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‘NO’ to Lautenberg Mass Denials

Wednesday, July 17, 2019

Thanks in part to four hard-working IHRC students, an unprecedented blanket rejection of 87 Iranian refugees is overturned on summary judgment.

By Diane Krieger

Last year, Behrouz G. was a man without a country. He couldn’t come to the United States. He couldn’t stay in Austria. And he couldn’t go back to Iran.

Targeted for his Christian faith, the Iranian shopkeeper had been repeatedly intimidated by government agents who

Law students Ashley De Vance and Matt Saria in Beirut with the International Human Rights Clinic.

would barge into his establishment, destroy religious symbols and serve him with trumped-up citations. As the harassment escalated, Behrouz entered the Lautenberg-Specter program aimed at religious-minority resettlement in the United States.

Earlier, Behrouz had obtained a special visa and traveled to Vienna, where his claim was to be processed. (The Lautenberg-Specter program is run in partnership with the Austrian government.) But months passed, and he didn’t get the go-ahead. Then one day last spring, he received a “notice of ineligibility” from the U.S. Department of Homeland Security (DHS). Behrouz had every reason to be optimistic: In recent years, Lautenberg applicants enjoyed near-100-percent success in qualifying for refugee status, said Prof. Hannah Garry, who recently led a team of law students participating in Gould’s International Human Rights Clinic to advocate for him in federal court.

No explanation was offered. His claim had been “denied as a matter of discretion.”


Requests for clarification went unanswered, but Behrouz learned through his contacts within the New York-based International Refugee Assistance Project (IRAP) that all 87 Iranians in his cohort had received the same notice.

Such a mass denial was unprecedented, according to the LA Times, and placed the Lautenberg applicants in a precarious position: all faced imminent deportation to Iran, where they could expect even greater persecution as declared asylum seekers.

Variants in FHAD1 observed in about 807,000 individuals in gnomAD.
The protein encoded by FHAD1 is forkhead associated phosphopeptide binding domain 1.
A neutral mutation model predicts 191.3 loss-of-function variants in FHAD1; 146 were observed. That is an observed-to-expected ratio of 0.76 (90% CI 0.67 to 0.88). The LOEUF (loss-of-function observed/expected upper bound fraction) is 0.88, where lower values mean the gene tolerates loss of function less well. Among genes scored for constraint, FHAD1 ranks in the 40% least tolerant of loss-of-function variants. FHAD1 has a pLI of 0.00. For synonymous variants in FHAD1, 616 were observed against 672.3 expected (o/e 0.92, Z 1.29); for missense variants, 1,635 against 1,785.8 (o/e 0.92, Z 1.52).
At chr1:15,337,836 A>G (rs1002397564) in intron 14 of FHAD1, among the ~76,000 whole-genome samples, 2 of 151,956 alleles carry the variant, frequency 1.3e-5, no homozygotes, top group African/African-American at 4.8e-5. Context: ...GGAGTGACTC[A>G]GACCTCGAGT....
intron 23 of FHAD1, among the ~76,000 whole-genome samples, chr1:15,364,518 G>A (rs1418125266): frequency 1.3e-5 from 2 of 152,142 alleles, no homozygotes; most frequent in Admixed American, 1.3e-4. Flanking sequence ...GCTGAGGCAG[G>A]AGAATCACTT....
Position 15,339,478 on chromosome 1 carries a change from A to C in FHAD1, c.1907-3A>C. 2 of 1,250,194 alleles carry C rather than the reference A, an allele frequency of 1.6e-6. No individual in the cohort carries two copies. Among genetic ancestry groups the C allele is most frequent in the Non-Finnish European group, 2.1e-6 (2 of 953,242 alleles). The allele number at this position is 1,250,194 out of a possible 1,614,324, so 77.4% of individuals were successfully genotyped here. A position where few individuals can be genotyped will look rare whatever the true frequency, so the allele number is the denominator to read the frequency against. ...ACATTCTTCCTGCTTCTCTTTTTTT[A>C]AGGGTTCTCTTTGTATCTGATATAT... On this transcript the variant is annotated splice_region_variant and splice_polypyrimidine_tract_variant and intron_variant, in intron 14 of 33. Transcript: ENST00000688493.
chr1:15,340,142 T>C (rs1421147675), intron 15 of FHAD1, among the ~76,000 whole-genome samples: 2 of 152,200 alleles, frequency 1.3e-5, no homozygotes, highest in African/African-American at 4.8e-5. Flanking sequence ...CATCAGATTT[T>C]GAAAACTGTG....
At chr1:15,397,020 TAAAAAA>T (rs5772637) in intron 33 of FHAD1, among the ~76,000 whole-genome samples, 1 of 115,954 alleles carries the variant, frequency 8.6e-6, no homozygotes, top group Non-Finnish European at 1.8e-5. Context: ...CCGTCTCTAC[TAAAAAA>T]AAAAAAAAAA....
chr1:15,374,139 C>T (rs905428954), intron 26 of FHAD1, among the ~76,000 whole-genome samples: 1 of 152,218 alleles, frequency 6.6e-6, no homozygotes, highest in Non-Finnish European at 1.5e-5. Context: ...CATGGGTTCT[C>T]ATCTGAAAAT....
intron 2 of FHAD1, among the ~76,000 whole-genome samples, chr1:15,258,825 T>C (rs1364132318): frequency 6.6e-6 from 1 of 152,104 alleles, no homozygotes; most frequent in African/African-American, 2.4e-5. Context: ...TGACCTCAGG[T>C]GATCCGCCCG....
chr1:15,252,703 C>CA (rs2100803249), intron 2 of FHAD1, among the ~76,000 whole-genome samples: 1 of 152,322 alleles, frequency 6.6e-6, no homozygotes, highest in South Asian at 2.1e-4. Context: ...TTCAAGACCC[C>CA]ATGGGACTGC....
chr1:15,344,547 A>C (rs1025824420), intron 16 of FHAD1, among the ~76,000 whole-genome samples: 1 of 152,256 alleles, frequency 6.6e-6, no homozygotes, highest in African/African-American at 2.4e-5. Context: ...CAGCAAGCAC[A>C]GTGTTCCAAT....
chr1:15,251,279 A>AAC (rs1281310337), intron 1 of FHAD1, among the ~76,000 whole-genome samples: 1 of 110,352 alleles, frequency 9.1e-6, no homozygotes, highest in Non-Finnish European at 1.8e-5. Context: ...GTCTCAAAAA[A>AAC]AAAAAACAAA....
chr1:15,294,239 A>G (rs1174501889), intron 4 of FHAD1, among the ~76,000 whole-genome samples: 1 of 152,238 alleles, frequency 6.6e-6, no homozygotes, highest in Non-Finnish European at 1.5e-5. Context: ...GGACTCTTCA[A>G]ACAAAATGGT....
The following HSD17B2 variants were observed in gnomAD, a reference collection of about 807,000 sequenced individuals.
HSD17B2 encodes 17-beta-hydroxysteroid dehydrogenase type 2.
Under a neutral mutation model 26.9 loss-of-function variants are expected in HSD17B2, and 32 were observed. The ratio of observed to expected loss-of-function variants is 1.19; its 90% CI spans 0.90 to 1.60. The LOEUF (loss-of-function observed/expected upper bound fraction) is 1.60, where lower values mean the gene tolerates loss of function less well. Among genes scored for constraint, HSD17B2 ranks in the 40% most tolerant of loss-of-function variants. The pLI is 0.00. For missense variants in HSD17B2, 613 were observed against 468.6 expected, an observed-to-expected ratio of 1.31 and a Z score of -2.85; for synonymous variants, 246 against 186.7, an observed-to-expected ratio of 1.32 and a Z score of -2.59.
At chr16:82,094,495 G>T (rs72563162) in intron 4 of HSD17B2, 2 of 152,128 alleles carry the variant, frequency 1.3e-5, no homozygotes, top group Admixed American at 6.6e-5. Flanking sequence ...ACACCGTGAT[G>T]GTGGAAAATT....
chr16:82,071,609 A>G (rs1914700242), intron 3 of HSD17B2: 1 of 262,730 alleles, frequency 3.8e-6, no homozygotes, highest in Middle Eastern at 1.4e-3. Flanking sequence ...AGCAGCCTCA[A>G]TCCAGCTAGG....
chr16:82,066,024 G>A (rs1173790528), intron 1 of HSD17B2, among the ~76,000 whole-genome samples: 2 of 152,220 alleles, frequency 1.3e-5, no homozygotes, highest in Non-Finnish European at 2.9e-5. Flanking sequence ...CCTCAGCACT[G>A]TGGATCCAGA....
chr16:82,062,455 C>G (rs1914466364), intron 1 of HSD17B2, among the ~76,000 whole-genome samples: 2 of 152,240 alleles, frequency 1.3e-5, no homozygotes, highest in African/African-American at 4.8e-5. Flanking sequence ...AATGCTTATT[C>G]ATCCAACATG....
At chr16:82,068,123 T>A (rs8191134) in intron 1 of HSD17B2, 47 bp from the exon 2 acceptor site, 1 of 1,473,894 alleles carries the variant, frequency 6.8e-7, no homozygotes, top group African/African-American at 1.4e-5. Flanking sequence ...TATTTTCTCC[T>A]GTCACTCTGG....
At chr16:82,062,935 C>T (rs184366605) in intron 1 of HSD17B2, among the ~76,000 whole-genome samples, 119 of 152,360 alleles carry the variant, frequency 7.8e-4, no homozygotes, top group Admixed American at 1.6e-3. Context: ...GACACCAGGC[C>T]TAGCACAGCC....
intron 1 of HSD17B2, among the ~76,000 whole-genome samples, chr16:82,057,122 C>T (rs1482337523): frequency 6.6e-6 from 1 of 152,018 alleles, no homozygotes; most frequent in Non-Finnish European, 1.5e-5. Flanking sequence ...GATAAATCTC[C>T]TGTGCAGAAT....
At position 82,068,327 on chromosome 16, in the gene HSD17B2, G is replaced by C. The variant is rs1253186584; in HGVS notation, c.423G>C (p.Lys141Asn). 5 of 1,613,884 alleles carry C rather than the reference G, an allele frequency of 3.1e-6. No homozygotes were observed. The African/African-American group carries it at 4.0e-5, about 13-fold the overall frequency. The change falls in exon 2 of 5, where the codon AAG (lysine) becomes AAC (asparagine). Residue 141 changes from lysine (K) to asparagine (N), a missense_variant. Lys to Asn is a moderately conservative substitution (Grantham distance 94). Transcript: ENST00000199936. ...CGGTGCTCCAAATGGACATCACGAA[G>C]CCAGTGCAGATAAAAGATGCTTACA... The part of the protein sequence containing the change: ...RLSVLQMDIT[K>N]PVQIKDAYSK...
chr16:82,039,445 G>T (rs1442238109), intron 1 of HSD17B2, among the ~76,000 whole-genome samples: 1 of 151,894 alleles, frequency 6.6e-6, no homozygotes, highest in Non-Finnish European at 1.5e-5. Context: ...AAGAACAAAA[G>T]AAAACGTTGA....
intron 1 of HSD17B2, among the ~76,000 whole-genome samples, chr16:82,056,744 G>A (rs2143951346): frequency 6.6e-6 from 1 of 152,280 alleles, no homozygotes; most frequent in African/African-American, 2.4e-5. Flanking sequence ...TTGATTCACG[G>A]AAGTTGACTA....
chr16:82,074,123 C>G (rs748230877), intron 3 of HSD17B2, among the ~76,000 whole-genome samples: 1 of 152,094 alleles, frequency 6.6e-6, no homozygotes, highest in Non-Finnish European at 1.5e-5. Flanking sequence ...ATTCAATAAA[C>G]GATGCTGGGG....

DHS’s opaque language blocked legal recourse.

“If you don’t know why you’re being denied, you can’t appeal the decision,” says 3L USC law student Ashley De Vance (JD 2019).


How students came to bring the lawsuit. 

De Vance was one of four USC Gould IHRC students who sprang into action on behalf of the Lautenberg applicants. She and classmates Matt Saria (JD 2019), Bettina Tiangco (JD 2019) and Natalia DaSilva (JD 2019) were all in Beirut on a nine-day field experience (see info box at right) at the time. They were interviewing Syrian refugees seeking UN resettlement when their host agency, IRAP, got wind of the Lautenberg mass denials. Behrouz’s case was assigned to the USC team; the next day they conducted an hours-long interview with him from Beirut via Skype. Back in Los Angeles, De Vance and Saria raced to help IRAP bring motions for class certification and summary judgment in U.S. District Court, funneling legal research to the pro-bono litigation team at Gibson, Dunn & Crutcher.

The outcome was a big win.

In May, Judge Beth Labson Freeman in the Northern District of California granted class certification for all 87 denied Iranian refugees. In July, she ordered DHS to immediately re-open each Lautenberg case and fully explain any future denials.

“I am so proud of the students’ hard work and zealous advocacy,” says Garry, who launched the IHRC in 2010. “This is a huge victory.”

USC Gould alumnus Barry McCabe (JD 1977) is equally proud of the IHRC students and supports the clinic’s efforts. “It’s very important to look at the humanitarian side of the law,” he says. “This project is helping refugees and providing law students with a real-world learning experience. I think this is an extremely worthwhile effort. I know our law students will be enriched by their experience with the refugees, and that is very rewarding for me.”


Saria and De Vance say their experiences through IHRC have ignited a passion for human rights law.

“That year gave me such exposure to all the ways you can work in that space,” Saria says. “You don’t need to be a full-time human rights lawyer to do it.”

His primary area of practice, when he joins the Los Angeles office of Gibson, Dunn & Crutcher next summer, will be real estate law, with emphasis on land use.

De Vance will join the Los Angeles offices of Alston & Bird when she graduates. With certificates in international law and business law, she’ll start in the firm’s business litigation branch.

But thanks to Garry’s rigorous training and close ties to the human rights community, Saria and De Vance have the tools to make lifelong contributions in refugee advocacy — which, Garry emphasizes, is critically important at this moment.


“We’ve got the largest refugee crisis in world history,” Garry says. “There are literally millions of people with no advocate. And having a lawyer is everything. Studies show asylum seekers who have representation are so much more successful at getting protection from persecution than those who don’t. We need as many lawyers as we can get.”

For De Vance, the Lautenberg victory feels bittersweet.

“It was really exciting, but also really sad,” De Vance says. “This is a drop in the bucket. Yes, the mass denials were overturned, but refugees are being denied every day. There’s so much more work that needs to be done.”

Behrouz’s case is still pending. He remains in Vienna.



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